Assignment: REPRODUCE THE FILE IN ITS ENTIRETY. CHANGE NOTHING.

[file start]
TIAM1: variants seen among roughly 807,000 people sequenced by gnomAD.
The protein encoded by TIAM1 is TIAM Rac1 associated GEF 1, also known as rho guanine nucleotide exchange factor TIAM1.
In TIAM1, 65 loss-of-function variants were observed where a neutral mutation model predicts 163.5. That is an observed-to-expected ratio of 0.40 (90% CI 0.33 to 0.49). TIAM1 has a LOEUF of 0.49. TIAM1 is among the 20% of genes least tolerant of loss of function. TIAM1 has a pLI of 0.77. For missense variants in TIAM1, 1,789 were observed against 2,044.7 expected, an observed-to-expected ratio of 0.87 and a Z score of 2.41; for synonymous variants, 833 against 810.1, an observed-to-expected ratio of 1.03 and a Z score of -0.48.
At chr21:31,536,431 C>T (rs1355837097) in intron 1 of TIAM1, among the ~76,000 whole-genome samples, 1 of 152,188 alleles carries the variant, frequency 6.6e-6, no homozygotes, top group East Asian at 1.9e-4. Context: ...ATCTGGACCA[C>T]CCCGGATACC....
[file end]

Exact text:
TIAM1: variants seen among roughly 807,000 people sequenced by gnomAD.
The protein encoded by TIAM1 is TIAM Rac1 associated GEF 1, also known as rho guanine nucleotide exchange factor TIAM1.
In TIAM1, 65 loss-of-function variants were observed where a neutral mutation model predicts 163.5. That is an observed-to-expected ratio of 0.40 (90% CI 0.33 to 0.49). TIAM1 has a LOEUF of 0.49. TIAM1 is among the 20% of genes least tolerant of loss of function. TIAM1 has a pLI of 0.77. For missense variants in TIAM1, 1,789 were observed against 2,044.7 expected, an observed-to-expected ratio of 0.87 and a Z score of 2.41; for synonymous variants, 833 against 810.1, an observed-to-expected ratio of 1.03 and a Z score of -0.48.
At chr21:31,536,431 C>T (rs1355837097) in intron 1 of TIAM1, among the ~76,000 whole-genome samples, 1 of 152,188 alleles carries the variant, frequency 6.6e-6, no homozygotes, top group East Asian at 1.9e-4. Context: ...ATCTGGACCA[C>T]CCCGGATACC....